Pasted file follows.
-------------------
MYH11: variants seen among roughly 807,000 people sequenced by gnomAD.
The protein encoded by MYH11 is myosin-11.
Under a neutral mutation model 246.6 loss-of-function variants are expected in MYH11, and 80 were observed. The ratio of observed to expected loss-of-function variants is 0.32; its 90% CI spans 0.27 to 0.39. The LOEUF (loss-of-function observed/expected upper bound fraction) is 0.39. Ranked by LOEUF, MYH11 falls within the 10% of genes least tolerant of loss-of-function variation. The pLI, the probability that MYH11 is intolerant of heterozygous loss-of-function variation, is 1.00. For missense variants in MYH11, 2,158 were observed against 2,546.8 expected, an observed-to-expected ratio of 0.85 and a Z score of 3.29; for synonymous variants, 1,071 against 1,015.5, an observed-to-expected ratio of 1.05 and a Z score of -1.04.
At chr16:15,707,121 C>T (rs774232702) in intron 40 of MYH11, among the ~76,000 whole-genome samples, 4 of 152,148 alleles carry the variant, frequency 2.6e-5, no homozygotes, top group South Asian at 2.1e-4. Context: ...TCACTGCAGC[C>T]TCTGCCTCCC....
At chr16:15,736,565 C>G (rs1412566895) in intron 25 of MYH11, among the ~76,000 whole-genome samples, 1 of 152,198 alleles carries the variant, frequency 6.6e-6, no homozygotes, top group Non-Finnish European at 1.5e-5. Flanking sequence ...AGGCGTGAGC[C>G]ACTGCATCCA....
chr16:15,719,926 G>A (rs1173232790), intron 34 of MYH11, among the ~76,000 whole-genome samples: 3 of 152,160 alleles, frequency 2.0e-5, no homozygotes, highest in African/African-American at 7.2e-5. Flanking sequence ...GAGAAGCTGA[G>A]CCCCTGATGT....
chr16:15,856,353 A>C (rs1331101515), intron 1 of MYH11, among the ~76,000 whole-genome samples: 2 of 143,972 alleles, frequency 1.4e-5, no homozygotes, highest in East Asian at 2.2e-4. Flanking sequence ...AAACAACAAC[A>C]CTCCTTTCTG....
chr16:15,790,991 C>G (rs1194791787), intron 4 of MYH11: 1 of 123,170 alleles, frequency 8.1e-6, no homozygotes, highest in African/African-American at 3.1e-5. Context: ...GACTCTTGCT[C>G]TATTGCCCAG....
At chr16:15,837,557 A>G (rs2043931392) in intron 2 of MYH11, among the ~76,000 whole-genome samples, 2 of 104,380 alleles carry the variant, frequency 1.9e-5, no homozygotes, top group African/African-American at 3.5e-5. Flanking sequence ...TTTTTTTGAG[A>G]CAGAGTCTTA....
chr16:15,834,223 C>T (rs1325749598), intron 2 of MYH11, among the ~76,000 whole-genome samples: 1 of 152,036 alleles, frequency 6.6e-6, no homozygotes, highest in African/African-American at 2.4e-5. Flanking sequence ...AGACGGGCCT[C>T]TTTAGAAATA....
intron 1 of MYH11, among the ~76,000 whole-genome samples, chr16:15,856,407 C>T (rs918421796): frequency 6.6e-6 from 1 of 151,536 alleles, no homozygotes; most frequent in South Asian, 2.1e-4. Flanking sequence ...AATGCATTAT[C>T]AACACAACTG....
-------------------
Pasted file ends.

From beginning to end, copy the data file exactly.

MYH11: variants seen among roughly 807,000 people sequenced by gnomAD.
The protein encoded by MYH11 is myosin-11.
Under a neutral mutation model 246.6 loss-of-function variants are expected in MYH11, and 80 were observed. The ratio of observed to expected loss-of-function variants is 0.32; its 90% CI spans 0.27 to 0.39. The LOEUF (loss-of-function observed/expected upper bound fraction) is 0.39. Ranked by LOEUF, MYH11 falls within the 10% of genes least tolerant of loss-of-function variation. The pLI, the probability that MYH11 is intolerant of heterozygous loss-of-function variation, is 1.00. For missense variants in MYH11, 2,158 were observed against 2,546.8 expected, an observed-to-expected ratio of 0.85 and a Z score of 3.29; for synonymous variants, 1,071 against 1,015.5, an observed-to-expected ratio of 1.05 and a Z score of -1.04.
At chr16:15,707,121 C>T (rs774232702) in intron 40 of MYH11, among the ~76,000 whole-genome samples, 4 of 152,148 alleles carry the variant, frequency 2.6e-5, no homozygotes, top group South Asian at 2.1e-4. Context: ...TCACTGCAGC[C>T]TCTGCCTCCC....
At chr16:15,736,565 C>G (rs1412566895) in intron 25 of MYH11, among the ~76,000 whole-genome samples, 1 of 152,198 alleles carries the variant, frequency 6.6e-6, no homozygotes, top group Non-Finnish European at 1.5e-5. Flanking sequence ...AGGCGTGAGC[C>G]ACTGCATCCA....
chr16:15,719,926 G>A (rs1173232790), intron 34 of MYH11, among the ~76,000 whole-genome samples: 3 of 152,160 alleles, frequency 2.0e-5, no homozygotes, highest in African/African-American at 7.2e-5. Flanking sequence ...GAGAAGCTGA[G>A]CCCCTGATGT....
chr16:15,856,353 A>C (rs1331101515), intron 1 of MYH11, among the ~76,000 whole-genome samples: 2 of 143,972 alleles, frequency 1.4e-5, no homozygotes, highest in East Asian at 2.2e-4. Flanking sequence ...AAACAACAAC[A>C]CTCCTTTCTG....
chr16:15,790,991 C>G (rs1194791787), intron 4 of MYH11: 1 of 123,170 alleles, frequency 8.1e-6, no homozygotes, highest in African/African-American at 3.1e-5. Context: ...GACTCTTGCT[C>G]TATTGCCCAG....
At chr16:15,837,557 A>G (rs2043931392) in intron 2 of MYH11, among the ~76,000 whole-genome samples, 2 of 104,380 alleles carry the variant, frequency 1.9e-5, no homozygotes, top group African/African-American at 3.5e-5. Flanking sequence ...TTTTTTTGAG[A>G]CAGAGTCTTA....
chr16:15,834,223 C>T (rs1325749598), intron 2 of MYH11, among the ~76,000 whole-genome samples: 1 of 152,036 alleles, frequency 6.6e-6, no homozygotes, highest in African/African-American at 2.4e-5. Flanking sequence ...AGACGGGCCT[C>T]TTTAGAAATA....
intron 1 of MYH11, among the ~76,000 whole-genome samples, chr16:15,856,407 C>T (rs918421796): frequency 6.6e-6 from 1 of 151,536 alleles, no homozygotes; most frequent in South Asian, 2.1e-4. Flanking sequence ...AATGCATTAT[C>T]AACACAACTG....